Oregon Spends on Mental Health, with Few Results

Every two years, Oregon spends $3.7 billion for a mental health system that is one of the worst in the nation; state lawmakers say this is because of a lack of coordination. 

At an Oregon Health Forum event on April 19, lawmakers spoke about issues in the system that include treating people in a crisis for the first time, leaving the system too soon, and the possibility of becoming homeless just months after treatment. They also talked about bills that could assist in solving these problems. 

Dr. Bruce Goldberg, a professor at Oregon Health &Science University’s School of Public Health and a former director of the Oregon Health Authority, moderated the event. 

“Our jails and prisons are populated by those with mental illnesses,” said Goldberg. “Some states are doing better than other states. Sadly, Oregon is currently not one of them.” 

Goldberg went on to say that proportionately, Oregon spends more money on behavioral health than 75% of the other states.  

Rep. Rob Nosse, D-Portland, said that the current two-year budget for behavioral and mental health care is $3.7 billion. This includes Medicaid services for behavioral health ($2.5 billion), Oregon State Hospital ($670 million), and community services ($555 million).  

Sen. Kate Lieber, D-Beaverton, said a large problem was disconnect between different parts of the system. 

“We have to look at it as a system as a whole,” Lieber said. 

Oregonians need to be able to receive care before they reach the point of needing Oregon State Hospital, the state-funded psychiatric facility.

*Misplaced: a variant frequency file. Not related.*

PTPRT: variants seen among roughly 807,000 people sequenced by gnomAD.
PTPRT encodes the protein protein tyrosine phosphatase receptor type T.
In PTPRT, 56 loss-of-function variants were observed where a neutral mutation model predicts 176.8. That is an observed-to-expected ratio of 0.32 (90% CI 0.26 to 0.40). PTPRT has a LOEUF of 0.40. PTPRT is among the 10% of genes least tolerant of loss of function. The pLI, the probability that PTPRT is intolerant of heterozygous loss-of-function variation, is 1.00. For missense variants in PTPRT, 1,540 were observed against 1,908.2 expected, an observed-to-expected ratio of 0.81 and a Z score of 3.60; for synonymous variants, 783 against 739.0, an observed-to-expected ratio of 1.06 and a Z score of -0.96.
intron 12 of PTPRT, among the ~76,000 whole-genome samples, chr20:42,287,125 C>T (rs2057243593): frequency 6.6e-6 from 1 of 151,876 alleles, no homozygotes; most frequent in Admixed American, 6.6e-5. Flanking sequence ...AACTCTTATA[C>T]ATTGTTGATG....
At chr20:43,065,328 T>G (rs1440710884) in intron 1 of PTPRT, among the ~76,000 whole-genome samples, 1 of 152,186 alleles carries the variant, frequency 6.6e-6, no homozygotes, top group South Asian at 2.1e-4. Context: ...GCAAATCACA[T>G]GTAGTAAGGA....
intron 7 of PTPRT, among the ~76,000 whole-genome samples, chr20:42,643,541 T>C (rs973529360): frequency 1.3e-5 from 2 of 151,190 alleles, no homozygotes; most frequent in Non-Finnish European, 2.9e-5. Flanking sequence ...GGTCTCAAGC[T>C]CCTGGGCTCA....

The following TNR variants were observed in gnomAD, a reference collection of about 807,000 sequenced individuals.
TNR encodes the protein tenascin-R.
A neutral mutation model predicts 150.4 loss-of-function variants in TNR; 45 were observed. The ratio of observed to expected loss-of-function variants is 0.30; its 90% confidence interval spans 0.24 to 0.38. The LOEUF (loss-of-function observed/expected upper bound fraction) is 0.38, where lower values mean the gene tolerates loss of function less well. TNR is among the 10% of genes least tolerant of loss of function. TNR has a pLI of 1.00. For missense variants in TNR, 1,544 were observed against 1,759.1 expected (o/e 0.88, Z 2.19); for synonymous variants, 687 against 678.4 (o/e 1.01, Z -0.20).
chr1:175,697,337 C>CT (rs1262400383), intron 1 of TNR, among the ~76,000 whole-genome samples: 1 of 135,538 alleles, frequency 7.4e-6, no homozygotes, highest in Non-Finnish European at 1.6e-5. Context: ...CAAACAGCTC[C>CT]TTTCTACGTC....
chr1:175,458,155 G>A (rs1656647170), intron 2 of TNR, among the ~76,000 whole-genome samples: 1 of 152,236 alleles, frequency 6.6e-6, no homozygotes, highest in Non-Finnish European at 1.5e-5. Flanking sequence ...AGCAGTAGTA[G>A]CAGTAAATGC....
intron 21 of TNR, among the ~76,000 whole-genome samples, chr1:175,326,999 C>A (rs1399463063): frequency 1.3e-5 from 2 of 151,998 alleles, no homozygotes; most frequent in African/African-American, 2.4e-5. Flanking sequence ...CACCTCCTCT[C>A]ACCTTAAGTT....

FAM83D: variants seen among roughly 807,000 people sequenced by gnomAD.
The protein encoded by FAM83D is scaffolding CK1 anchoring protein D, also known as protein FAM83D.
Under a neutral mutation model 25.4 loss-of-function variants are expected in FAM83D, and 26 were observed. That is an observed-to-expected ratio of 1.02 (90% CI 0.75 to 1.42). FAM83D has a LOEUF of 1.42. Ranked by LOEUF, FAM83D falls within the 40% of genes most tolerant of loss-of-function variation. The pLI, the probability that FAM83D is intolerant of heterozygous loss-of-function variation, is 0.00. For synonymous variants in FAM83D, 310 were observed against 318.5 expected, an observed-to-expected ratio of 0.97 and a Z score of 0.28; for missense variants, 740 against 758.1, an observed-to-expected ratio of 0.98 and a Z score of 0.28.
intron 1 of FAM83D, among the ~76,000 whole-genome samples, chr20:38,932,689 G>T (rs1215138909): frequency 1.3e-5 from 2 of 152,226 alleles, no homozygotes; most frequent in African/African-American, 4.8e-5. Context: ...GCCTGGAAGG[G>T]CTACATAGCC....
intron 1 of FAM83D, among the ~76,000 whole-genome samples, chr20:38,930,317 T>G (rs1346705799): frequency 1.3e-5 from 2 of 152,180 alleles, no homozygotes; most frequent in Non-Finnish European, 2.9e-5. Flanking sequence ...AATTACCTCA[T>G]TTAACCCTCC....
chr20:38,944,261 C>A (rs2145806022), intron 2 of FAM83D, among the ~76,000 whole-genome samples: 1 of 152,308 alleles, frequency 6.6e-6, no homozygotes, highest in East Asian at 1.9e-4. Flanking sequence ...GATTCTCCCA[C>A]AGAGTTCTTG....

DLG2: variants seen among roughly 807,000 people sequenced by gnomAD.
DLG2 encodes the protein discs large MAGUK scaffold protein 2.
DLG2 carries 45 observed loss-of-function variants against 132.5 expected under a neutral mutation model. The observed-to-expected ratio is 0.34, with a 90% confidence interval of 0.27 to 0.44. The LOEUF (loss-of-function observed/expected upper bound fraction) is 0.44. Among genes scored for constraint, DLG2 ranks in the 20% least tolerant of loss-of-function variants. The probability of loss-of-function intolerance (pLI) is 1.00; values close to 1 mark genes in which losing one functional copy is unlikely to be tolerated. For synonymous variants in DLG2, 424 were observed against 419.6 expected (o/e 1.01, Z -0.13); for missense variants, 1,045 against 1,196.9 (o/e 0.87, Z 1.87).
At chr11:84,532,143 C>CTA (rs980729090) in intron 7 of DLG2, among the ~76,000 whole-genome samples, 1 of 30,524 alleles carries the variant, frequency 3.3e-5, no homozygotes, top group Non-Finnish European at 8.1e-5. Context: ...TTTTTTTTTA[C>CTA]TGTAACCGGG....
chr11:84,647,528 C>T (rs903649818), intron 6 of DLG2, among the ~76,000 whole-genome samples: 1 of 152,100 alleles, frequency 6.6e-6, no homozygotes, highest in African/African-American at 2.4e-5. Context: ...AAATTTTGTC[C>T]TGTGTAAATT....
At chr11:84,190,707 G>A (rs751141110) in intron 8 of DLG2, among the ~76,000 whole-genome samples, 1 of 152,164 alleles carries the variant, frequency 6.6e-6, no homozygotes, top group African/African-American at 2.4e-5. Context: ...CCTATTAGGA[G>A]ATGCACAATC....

“We have put a lot of money into behavioral health systems and structures without enough to show for it,” said Rep. Lisa Reynolds, D-Portland, who is also a pediatrician. Reynolds said some up and coming bills could help change that.  

House Bill 3069 would create a suicide prevention and behavioral health hotline that would work similar to 9-1-1. People could call 9-8-8 and talk to a social worker and/or be assisted by a mobile health crisis unit. It would also field calls about people needing housing and those having a mental health or substance abuse crisis. 

Nosse is sponsoring a bill that would help existing access. House Bill 3046 would make it so insurers and coordinated care organizations must set reimbursement rates for behavioral health providers like they already do for behavioral health providers. Mental health care providers frequently face low imbursement rates for patients. 

HB3046 would also direct OHA to make a list of behavioral health services that would not need previous authorization from the insurance, something that slows and potentially effects care. Nosse said the goal of the bill is to better the patient’s standard of care. 

Additionally, the five-year Medicaid waiver is up for renewal next year, giving the state more room from the federal government with how Medicaid funds are spent. 

Lawmakers want OHA to have flexibility in spending so it can put funds towards other things that may affect health, such as housing. Lieber said the system needs to help move people to different levels of care, like when they leave the hospital. The state will go on discharging people before they are ready “until we make the whole system accountable,” Leiber said. 

The Oregon Health Forum is a branch of The Lund Report. 

By: Hannah Ramsey